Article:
Operational MERIS-based NIR-red algorithms for estimating chlorophyll-a concentrations in coastal waters - The Azov Sea case study

Wesley J. Moses, Anatoly A. Gitelson, Sergey Berdnikov, Vladislav Saprygin, Vasily Povazhnyi

Research output: Contribution to journalArticle

68 Scopus citations


We present here results that strongly support the use of MERIS-based NIR-red algorithms as standard tools for estimating chlorophyll-a (chl-a) concentration in turbid productive waters. The study was carried out as one of the steps in testing the potential of the universal applicability of previously developed NIR-red algorithms, which were earlier calibrated using a limited set of MERIS imagery and in situ data from the Azov Sea and the Taganrog Bay, Russia, and data that were synthetically generated using a radiative transfer model. We used an extensive set of MERIS imagery and in situ data collected over a period of three years in the Azov Sea and the Taganrog Bay for this validation task. We found that the two-band and three-band NIR-red algorithms gave consistently highly accurate estimates of chl-a concentration, with a mean absolute error of 4.32mgm -3 and 4.71mgm -3, respectively, and a root mean square error as low as 5.92mgm -3, for data with chl-a concentrations ranging from 1.09mgm -3 to 107.82mgm -3. This obviates the need for case-specific reparameterization of the algorithms, as long as the specific absorption coefficient of phytoplankton in the water does not change drastically, and presents a strong case for the use of NIR-red algorithms as standard algorithms that can be routinely applied for near-real-time quantitative monitoring of chl-a concentration in the Azov Sea and the Taganrog Bay, and potentially elsewhere, which will be a real boon to ecologists, natural resource managers and environmental decision-makers.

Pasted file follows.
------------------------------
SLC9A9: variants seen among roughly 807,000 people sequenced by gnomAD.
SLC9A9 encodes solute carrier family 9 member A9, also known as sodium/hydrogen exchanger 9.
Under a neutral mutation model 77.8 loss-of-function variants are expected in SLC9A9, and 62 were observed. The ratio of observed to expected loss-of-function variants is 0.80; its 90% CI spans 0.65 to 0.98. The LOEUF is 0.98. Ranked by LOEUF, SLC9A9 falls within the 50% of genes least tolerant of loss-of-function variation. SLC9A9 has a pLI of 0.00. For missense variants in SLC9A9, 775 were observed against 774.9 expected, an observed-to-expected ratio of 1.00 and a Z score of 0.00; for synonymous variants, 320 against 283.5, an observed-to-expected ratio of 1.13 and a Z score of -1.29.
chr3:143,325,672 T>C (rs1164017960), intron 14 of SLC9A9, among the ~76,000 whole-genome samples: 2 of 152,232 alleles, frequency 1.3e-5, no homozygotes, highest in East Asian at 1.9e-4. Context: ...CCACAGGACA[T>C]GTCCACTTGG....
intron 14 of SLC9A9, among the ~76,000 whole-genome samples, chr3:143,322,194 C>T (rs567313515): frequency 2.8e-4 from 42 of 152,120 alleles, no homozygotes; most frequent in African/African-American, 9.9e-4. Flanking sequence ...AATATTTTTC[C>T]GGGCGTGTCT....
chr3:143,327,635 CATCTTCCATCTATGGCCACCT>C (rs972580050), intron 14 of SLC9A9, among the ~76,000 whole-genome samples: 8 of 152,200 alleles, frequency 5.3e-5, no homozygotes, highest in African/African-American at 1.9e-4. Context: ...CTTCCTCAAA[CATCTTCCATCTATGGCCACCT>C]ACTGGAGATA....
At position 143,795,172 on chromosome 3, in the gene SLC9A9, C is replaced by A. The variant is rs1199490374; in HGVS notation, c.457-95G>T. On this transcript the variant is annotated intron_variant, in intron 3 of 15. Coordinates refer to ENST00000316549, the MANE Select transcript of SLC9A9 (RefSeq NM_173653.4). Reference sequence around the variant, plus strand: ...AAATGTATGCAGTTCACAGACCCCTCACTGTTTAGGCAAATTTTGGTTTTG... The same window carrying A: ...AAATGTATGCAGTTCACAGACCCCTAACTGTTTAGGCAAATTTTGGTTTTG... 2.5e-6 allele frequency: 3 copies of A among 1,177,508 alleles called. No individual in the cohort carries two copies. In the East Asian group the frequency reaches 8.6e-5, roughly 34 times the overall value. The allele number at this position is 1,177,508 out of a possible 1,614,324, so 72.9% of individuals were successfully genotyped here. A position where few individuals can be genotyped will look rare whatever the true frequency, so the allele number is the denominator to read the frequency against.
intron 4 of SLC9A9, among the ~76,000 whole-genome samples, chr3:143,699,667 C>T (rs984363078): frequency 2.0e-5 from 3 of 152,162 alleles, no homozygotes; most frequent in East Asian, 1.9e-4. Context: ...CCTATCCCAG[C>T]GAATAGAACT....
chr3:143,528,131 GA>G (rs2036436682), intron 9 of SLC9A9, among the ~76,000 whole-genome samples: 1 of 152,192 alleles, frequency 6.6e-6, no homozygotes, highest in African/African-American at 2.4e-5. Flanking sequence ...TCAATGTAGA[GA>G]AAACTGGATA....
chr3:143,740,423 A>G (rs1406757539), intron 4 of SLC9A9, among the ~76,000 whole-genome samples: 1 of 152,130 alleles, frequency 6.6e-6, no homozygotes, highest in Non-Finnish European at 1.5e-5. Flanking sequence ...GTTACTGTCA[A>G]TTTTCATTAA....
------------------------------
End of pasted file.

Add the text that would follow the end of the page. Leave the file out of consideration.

Original languageEnglish (US)
Pages (from-to)118-124
Number of pages7
JournalRemote Sensing of Environment
Publication statusPublished - Jun 1 2012



  • Chlorophyll-a
  • NIR-red
  • Operational algorithms
  • Remote sensing
  • Turbid productive waters

ASJC Scopus subject areas

  • Soil Science
  • Geology
  • Computers in Earth Sciences

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